Brantley experiences setback in injury rehab

Indians outfielder will undergo MRI after feeling discomfort in shoulder

Brantley experiences setback in injury rehab

KANSAS CITY -- The Indians had hoped that outfielder Michael Brantley would be built up to playing in consecutive games by now in his rehab program. After another setback with his surgically repaired right shoulder, it's unclear when Brantley will play again.

On Tuesday, manager Terry Francona noted that Brantley informed the team that he was once again experiencing discomfort in his shoulder. Brantley, who has been on the disabled list since May 14, is now scheduled to undergo an enhanced MRI exam on Wednesday in an effort to get more information about the issue.

"He swung in one of his at-bats the other night and he felt his shoulder again," Francona said. "So, we kind of convened and the way he kind of phrased it to me was, he didn't seem terribly worried about it, he just feels like he's having a tough time pushing through the last little bit [of his swing]."

There had been growing optimism of late about Brantley, who as recently as July 5 said he felt "normal" after resuming batting practice. He then began a Minor League rehab assignment on July 11 and appeared in four games on an every-other-day basis. Brantley had three at-bats with Double-A Akron on Sunday, but was then held out of the lineup on Monday.

Dr. Craig Morgan performed surgery on Brantley on Nov. 9 to repair a labral tear in his right (non-throwing) shoulder, keeping the outfielder out until April 25. Brantley then appeared in 11 games for the Indians before lingering issues sent him back to the DL. On June 21, Brantley sought a second opinion from Dr. Keith Meister, who diagnosed the issue at that time to be biceps tendinitis and gave Brantley a cortisone shot.

Since that point, Brantley appeared to be recovering swiftly and there was genuine hope within the team that he was finally on his way back.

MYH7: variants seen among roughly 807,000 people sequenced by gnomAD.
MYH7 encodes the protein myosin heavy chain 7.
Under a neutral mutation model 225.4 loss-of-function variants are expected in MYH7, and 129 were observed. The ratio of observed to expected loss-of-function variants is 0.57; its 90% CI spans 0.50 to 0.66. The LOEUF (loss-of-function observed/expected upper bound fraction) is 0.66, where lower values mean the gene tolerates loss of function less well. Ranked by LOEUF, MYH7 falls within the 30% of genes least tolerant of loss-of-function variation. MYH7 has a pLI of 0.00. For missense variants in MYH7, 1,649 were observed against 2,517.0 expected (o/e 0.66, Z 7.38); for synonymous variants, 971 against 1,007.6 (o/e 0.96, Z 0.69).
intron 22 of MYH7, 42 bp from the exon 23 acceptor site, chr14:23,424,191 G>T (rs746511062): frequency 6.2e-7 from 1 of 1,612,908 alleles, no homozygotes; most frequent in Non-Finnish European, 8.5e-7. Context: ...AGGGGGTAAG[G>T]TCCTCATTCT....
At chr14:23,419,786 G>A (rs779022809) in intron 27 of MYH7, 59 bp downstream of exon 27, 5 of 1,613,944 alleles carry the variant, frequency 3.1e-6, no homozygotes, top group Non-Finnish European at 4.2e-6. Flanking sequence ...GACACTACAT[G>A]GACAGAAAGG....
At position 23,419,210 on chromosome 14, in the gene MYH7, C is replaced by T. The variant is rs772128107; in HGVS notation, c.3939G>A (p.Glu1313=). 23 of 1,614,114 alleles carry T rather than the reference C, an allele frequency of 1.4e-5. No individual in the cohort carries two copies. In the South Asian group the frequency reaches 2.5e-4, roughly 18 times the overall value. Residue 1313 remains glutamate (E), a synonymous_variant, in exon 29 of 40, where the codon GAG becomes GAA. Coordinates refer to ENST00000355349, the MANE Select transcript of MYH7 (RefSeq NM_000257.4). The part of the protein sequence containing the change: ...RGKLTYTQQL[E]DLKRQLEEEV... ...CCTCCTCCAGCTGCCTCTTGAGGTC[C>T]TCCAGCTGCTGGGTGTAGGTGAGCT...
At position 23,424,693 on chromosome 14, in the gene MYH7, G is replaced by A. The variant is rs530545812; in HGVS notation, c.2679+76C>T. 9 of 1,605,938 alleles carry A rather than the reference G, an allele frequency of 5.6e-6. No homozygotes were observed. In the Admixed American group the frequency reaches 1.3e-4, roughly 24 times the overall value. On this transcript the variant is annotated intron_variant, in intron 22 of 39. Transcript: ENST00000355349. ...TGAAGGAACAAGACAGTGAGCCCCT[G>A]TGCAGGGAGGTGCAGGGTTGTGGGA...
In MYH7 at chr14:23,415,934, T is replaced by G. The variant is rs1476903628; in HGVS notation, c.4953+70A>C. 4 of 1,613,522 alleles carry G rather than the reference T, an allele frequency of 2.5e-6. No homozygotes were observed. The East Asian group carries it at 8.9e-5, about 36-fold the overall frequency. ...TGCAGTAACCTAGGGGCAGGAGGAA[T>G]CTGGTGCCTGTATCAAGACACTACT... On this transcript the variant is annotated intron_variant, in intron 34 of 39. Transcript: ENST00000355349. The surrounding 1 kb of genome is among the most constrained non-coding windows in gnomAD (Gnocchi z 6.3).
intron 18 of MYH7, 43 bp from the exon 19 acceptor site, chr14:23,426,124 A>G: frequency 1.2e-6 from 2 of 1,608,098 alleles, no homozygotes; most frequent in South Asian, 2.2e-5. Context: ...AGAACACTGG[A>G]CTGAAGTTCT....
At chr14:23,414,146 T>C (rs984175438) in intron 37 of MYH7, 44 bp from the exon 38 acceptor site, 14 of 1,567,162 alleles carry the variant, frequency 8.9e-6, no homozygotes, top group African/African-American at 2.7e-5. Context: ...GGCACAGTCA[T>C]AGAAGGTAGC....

"We're going off by how Michael is feeling," said president of baseball operations Chris Antonetti. "Michael was really encouraged, as he was working through this progression. Each step of the way, he was feeling healthy and strong. The other day, he just developed a little bit of soreness. We now need to hit the pause button and see what the next steps are."

Antonetti added that the club does not yet feel Brantley needs to be shut down for the season.

"We're not to that point, yet," Antonetti said. "We want to try to first understand what's going on. What's causing this to continue to happen? What's the root of the soreness he's experiencing now? And, how do we help him through that?"

Antonetti also lauded the efforts of outfielders Rajai Davis, Jose Ramirez, Lonnie Chisenhall and Tyler Naquin, who have more than carried their weight with Brantley out. The 7.5 WAR (per Fangraphs.com) turned in by the Indians' outfield as a group ranked third in the American League and fifth in the Majors, entering Tuesday.

"One thing that's important to not lose sight of," Antonetti said, "is the group of guys that have gotten us to this point are still here, and have done a really good job."

Brantley, 29, hit just .231 in his 11 games this season, but he was an AL Silver Slugger Award winner and Most Valuable Player Award finalist as recently as 2014. Last season, while dealing with a variety of health issues, including the shoulder injury that flared in September, Brantley hit .310 with 15 homers, 45 doubles and 84 RBIs in 137 games.

Francona said it helps that Brantley has been "unbelievably" honest throughout his comeback.

"There's been a couple times where he's come up to me and apologized," Francona said. "His effort has been incredible. All the reasons we want him back, and the admiration we have for him, doesn't go away when his shoulder hurts."

Jordan Bastian has covered the Indians for MLB.com since 2011, and previously covered the Blue Jays from 2006-10. Read his blog, Major League Bastian, follow him on Twitter @MLBastian and listen to his podcast. This story was not subject to the approval of Major League Baseball or its clubs.